History Scotland

Spotlight: Jacobites

Personal stories of the rank and file combatants who fought at Culloden 275 years ago


If you had been able to walk the lines at Culloden around noon on 16 April 1746, about an hour before the Jacobite cannons opened up, with enough time to ask a few questions about why the rebel soldiers were ranked up there on that frigid and rainy day, you might have got a number of different answers. It could be somewhat difficult to understand some of the responses, as representa­tives of numerous countries and localities were present on the field, including many native Gaelic-speakers from the rural Highlands and Islands.

Murdoch Shaw, standing at the centre of the Jacobite frontline, would tell you that he was brought to Culloden by his master, Alexander Macgillivr­ay of Dunmaglass, who served as a leader of Clan Chattan in the ‘45. On the left flank of the Jacobite vanguard, Donald Bain Grant huddles with men from the different clans serving in Macdonell of Glengarry’s regiment. He might describe to you how he was taken forcefully from his home in Corrimony by desperate Jacobite recruiters just the day before, and that he was quickly rushed to Inverness in anticipati­on of the coming engagement.

The highland army?

Amongst the clans, hereditary authority largely dictated support for the Stuart dynasty, but this was most often germane to the specific fortunes and well-beings of the clan chiefs themselves. It was part and parcel of the clan system to come out for one’s chief or landlord during times of war, regardless of the reasons for it. Many went willingly; some did not. Thousands of highlander­s joined the army of Charles Edward Stuart in the early months of the rising, but it became more difficult both to enlist and to retain Jacobite soldiers as the campaign wore on, necessitat­ing harsher measures and even bribes by recruiting officers. Coll Macdonell of Barrisdale’s enlistment drive in Sutherland was supplement­ed by copious amounts of whisky, which he foisted upon the local populace as enticement for joining the prince’s army.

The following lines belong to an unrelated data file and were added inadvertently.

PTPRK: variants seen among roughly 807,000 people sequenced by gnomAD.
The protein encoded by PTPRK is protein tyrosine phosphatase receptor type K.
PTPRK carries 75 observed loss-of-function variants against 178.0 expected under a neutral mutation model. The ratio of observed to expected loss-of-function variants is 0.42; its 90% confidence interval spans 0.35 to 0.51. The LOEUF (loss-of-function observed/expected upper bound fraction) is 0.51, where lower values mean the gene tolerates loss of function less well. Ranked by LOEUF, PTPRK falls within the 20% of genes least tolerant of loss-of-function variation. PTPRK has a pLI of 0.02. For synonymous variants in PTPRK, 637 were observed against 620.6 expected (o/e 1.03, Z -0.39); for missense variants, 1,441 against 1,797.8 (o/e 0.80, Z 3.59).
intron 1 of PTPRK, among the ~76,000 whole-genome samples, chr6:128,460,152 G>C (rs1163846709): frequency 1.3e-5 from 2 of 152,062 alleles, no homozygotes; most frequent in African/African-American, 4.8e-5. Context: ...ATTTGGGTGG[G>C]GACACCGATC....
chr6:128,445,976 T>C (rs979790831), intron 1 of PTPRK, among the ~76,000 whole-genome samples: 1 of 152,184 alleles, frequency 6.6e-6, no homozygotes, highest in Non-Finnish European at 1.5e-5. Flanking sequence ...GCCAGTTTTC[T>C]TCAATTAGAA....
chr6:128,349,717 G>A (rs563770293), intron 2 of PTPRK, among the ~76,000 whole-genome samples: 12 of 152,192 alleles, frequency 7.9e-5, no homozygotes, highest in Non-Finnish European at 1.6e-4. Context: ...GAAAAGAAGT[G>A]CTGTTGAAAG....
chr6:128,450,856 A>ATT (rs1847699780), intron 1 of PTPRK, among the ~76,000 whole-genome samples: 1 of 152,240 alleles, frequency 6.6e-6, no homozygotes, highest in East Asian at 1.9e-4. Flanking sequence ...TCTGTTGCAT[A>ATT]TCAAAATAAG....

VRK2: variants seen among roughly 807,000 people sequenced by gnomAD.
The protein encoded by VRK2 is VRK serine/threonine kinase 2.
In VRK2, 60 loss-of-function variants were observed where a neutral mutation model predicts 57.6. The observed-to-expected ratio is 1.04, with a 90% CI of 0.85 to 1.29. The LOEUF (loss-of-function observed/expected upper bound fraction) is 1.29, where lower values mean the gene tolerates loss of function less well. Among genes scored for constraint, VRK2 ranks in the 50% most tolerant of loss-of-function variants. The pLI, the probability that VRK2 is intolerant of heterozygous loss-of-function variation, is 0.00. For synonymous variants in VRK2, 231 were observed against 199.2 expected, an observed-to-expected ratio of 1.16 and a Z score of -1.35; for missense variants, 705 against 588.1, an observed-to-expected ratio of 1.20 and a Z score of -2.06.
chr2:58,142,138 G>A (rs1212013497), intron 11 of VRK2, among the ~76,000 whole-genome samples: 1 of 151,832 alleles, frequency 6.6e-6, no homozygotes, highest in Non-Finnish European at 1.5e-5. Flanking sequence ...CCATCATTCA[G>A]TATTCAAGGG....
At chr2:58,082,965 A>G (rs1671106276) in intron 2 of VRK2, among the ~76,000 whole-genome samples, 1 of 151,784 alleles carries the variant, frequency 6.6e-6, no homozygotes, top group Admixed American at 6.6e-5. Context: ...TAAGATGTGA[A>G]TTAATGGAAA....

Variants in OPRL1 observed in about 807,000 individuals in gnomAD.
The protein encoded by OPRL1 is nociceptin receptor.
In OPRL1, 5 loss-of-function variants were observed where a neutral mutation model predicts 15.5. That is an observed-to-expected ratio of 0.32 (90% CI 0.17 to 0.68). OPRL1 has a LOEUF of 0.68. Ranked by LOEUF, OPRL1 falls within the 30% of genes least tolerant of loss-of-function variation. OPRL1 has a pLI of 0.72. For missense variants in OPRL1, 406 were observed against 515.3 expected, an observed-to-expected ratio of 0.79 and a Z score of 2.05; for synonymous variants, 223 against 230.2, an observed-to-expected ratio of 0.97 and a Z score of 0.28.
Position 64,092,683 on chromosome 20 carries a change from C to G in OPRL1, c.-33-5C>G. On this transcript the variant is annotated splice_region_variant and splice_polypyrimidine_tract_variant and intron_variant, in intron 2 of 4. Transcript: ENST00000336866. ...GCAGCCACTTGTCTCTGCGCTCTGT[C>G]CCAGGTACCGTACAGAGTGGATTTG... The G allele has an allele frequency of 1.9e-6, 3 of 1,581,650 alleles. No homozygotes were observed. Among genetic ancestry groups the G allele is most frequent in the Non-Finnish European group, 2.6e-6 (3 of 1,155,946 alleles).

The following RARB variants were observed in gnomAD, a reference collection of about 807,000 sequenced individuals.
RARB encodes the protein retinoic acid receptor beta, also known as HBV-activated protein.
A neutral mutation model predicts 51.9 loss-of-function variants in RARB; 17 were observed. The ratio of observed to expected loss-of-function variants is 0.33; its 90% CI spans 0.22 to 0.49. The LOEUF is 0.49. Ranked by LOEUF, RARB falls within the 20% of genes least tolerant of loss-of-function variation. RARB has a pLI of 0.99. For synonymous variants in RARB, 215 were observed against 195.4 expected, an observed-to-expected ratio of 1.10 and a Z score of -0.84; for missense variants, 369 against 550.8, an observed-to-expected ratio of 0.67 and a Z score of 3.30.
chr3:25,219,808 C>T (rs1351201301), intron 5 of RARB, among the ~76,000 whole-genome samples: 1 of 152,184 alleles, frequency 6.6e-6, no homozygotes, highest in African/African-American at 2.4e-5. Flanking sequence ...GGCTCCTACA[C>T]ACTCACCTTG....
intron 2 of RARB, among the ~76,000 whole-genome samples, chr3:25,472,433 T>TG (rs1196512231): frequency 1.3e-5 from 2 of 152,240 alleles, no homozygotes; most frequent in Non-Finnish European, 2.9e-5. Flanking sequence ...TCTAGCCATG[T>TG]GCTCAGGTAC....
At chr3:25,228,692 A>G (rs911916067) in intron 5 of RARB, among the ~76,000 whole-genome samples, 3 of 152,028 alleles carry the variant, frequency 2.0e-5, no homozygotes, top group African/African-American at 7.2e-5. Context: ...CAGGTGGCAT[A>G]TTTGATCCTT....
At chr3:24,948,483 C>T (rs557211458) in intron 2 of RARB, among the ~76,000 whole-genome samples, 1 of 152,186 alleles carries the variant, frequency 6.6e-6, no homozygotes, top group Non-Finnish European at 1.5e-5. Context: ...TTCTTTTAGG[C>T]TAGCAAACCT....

For those who joined their superiors, their contracts of military servitude were seen in similar terms as those of contractua­l farming, set for a general period of time usually based upon the harvest cycle.The great swathes of desertion within the Jacobite ranks during the autumn harvest and spring plantings bear out the fact that community subsistenc­e and the local economy were the ultimate priorities for many clansmen-in-arms.

Other Gaels were there at

Drumossie Moor to preserve their local communitie­s and the very system of clanship itself, which were commonly seen as far more immediate motives than broader patriotic or dynastic causes. Some chiefs were tradition-bound to restore the Stuarts to the throne of the three kingdoms, and the lineage of Jacobitism ran deeply within particular clans. But practical matters were almost always a more vital determinan­t of Jacobite support within clanship, and over one-third of the principal Highland clans abstained from rising at all in 174546, while many that did ‘come out’ for the Jacobites were divided.

A significan­t number of those present would have been from the north-east of Scotland, and not associated with any particular clan. James Gordon, who lived in Banffshire, would admit to you that he was uninterest­ed in the ideologies of Jacobitism, but that he had great regard for men of local stature who were passionate­ly dedicated to their politics.

An Aberdeensh­ire minister recorded in 1746 that ‘almost all the common people’ in the north-east were inclined toward Jacobitism due to the financial restrictio­ns imposed upon farming and brewing by the malt tax in 1725, as well as the legal constraint­s placed upon non-juring Episcopal congregati­ons prevalent in places like Banffshire, Aberdeensh­ire and Angus. Indeed, the north-eastern counties provided more than half of all martial and civilian Jacobite support during the ‘45.

The lowlands were also well represente­d. Haddington resident Joseph Forbes, the nephew of an Episcopali­an minister, would tell you that he was heavily influenced by his uncle’s wishes. Glasgow veteran of the 1715 rising, James Stirling, had been too infirm to again join the Jacobite army. Instead he had travelled to Edinburgh, where he had presented his two sons directly to the Bonnie Prince for use in Lord Elcho’s troop. And now, at his insistence, they stood upon the moor in their father’s place. Glasgow might have been mostly loyal to the government, but the Stirlings clearly held to a familial tradition of Jacobite support.